Wednesday, July 11, 2012

Good Communication May Begin with Avoidance





"The ultimate measure of a man is not where he stands in moments of comfort and convenience, but where he stands at times of challenge and controversy." Martin Luther King Jr.


I'm Not Ready to be Nice!

When I was younger I was responsible for getting my younger sister to do the dishes on the nights it was her turn. One night as we were arguing about her failure to clean the kitchen my father had enough of listening to us argue.

"Suz! Nanc! Go outside and don't come in until you're ready to be nice!"

We both did as we were told and went out on the back patio to cool off. After a few minutes my sister simply walked back into the house, but not me. I just sat out there and stewed.

Finally after so much time passed my father stuck his head out the door and said, " Suz, come on in."

But indignant I was yelled at for just trying to get my sister to do her job I was still too mad to come in and replied, "No! I'm not ready to be nice!"

Still Sitting on the Back Patio

That was one of those defining life moments for me. Over the past  45 years I've found myself 'sitting on the back patio' when someone hurts my feelings or inappropriately chastises me. There I am--totally unwilling to come in out of the cold to 'make nice'.

It's just how it is--there's a distinct period of time after a perceived injustice when I'm just not ready to deal. If I was to face the conflict before I was ready, it would only produce a poor outcome so I retreat into myself until I'm ready to come out.

Maybe Good Communication Begins with Avoidance

It's a no-brainer: If you're going to resolve conflict with someone you must face the issue and talk directly to the other person.  But sometimes you're just not ready.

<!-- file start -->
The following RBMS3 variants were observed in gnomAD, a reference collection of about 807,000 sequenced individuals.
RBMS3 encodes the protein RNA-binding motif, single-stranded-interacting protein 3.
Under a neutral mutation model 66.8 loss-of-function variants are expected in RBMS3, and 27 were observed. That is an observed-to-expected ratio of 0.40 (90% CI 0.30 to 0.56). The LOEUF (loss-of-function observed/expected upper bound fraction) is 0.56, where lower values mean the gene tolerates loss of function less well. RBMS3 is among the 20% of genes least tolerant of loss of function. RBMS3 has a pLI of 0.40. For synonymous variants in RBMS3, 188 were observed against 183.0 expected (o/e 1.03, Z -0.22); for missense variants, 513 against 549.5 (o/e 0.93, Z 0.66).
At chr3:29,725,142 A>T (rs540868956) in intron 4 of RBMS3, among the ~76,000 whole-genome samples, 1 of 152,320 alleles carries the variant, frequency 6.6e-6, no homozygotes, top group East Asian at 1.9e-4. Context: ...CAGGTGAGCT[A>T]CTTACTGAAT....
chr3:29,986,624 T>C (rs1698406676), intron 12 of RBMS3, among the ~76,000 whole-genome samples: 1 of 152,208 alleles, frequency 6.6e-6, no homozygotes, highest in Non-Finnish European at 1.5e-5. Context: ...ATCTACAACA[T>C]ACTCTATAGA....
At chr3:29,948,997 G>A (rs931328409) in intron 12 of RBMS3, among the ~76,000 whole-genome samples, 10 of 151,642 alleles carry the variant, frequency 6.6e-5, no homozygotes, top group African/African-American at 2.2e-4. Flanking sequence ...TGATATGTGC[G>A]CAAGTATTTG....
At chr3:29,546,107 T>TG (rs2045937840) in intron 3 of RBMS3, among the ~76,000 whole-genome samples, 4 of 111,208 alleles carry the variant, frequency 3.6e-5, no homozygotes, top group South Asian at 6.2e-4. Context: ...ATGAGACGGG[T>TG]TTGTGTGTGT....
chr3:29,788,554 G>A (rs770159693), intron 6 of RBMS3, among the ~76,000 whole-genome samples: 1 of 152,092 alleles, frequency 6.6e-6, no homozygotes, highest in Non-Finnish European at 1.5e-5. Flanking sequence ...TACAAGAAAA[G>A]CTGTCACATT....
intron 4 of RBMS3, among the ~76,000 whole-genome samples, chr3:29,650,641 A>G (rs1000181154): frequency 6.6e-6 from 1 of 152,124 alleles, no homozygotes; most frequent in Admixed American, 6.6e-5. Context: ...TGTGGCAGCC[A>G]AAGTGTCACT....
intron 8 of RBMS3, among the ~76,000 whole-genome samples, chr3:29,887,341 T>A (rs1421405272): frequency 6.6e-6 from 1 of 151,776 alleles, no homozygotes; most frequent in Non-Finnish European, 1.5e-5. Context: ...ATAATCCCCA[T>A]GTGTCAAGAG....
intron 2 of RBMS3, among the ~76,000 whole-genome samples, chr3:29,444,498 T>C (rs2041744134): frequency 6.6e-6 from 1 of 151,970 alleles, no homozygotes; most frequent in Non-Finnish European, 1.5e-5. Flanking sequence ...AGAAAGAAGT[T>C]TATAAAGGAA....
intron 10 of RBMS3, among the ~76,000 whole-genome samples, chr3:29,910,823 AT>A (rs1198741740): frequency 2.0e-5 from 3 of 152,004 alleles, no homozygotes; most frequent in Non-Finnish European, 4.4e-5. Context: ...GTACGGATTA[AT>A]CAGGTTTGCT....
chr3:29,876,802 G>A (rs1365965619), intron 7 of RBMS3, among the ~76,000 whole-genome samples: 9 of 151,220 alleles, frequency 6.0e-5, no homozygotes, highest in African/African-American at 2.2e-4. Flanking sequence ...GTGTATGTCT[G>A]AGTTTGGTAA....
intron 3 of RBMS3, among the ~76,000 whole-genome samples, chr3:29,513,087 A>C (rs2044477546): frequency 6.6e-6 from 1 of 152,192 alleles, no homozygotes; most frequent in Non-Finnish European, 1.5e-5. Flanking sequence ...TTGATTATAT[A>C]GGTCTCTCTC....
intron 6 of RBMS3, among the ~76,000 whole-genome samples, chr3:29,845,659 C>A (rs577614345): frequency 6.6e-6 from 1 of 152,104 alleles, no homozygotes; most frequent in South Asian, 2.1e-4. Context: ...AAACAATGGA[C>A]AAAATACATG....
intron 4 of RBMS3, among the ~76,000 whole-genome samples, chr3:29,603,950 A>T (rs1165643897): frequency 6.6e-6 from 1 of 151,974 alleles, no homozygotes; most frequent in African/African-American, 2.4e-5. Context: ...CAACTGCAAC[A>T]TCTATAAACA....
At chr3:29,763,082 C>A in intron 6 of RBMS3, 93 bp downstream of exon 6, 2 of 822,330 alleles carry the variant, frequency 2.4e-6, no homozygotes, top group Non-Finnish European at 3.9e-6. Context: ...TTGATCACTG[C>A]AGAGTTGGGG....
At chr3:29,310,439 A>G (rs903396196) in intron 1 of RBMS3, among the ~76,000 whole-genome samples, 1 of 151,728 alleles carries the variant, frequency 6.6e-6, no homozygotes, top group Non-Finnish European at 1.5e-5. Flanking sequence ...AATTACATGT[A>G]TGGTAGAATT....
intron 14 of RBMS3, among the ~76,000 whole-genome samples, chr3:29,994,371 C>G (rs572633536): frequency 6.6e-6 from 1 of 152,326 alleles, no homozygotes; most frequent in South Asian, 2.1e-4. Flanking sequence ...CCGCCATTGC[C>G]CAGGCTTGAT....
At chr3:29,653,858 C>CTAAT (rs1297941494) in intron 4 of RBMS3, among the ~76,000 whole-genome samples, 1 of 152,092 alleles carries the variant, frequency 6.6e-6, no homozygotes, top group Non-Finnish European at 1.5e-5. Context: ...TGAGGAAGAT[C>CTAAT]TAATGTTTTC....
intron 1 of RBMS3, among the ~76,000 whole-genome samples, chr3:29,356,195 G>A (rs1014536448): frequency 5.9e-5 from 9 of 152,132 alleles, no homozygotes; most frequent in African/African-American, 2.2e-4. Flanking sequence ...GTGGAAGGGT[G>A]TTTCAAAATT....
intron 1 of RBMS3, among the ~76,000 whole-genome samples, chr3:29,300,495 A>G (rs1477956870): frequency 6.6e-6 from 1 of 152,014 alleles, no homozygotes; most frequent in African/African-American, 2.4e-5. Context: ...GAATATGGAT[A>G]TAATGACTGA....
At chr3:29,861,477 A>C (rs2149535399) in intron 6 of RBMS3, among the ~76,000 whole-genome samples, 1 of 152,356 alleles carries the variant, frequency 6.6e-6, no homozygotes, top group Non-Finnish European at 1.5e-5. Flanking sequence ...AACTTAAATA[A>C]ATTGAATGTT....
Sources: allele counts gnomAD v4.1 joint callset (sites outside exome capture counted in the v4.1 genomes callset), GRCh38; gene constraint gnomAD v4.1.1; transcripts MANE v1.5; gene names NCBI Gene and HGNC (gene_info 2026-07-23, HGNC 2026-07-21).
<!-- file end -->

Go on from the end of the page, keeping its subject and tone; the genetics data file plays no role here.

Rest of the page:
As embarrassing as it is to admit, we all have those private moments of feeling like a chastised child when someone gets mad at us or 'does-us-wrong'--especially if we're working hard to do good or 'get it right'. The unfairness of it all throws us into our own private childish funk.

Think about it: What was your private reaction to a recent unfair situation or perceived injustice? What conversation went on in your head? What did you want to say to that person but didn't? How did you blow off your anger?  What's your 'sitting on the back porch unwilling to come in from the cold' experience?

Sure, as we mature we learn the art of waiting before we react when we're upset. But that doesn't stop the immediate feelings of being a reprimanded or discounted child. So maybe our path to good communication begins with avoidance. Avoiding a confrontation allows us to work through the child-like feelings before proceeding to facing the difficult--or crucial—conversation so we are better equipped to handle it well.

Self-Calming Activities Restore Your Mature Self

We all need time to let the heat of the moment subside. Stepping away from your hurt or anger to engage in self-calming activities is key to restoring good relationships and your mature self. Take a walk, talk to a friend, take a nap, play with your dog or participate in any pleasant activity that serves as a distraction from dealing with the issue.

The more time you put between when you first get upset and when you choose to talk with the other person, the more time you have to allow calm thinking and options to appear.

 Go Ahead--Sit on the Back Patio Until You're Ready

There's nothing wrong with taking your time sitting in your feelings. Don't rush to deal with an issue before you're ready. Sit out in the cold for as long as you need to. Then, when you're ready, find a way to deal with the other person so your relationship is restored.

"The single biggest problem in communication is the illusion that it has taken place." George Bernard Shaw


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For more than 25 years, Susan Meyerott has been helping people lighten up and step over invisible barriers to change one step at a time. She speaks to your heart, puts you at ease, and makes changing easier than ever before. Contact Susan to schedule life change coaching, weekend retreats, or engaging Lightarted experiences to share with friends.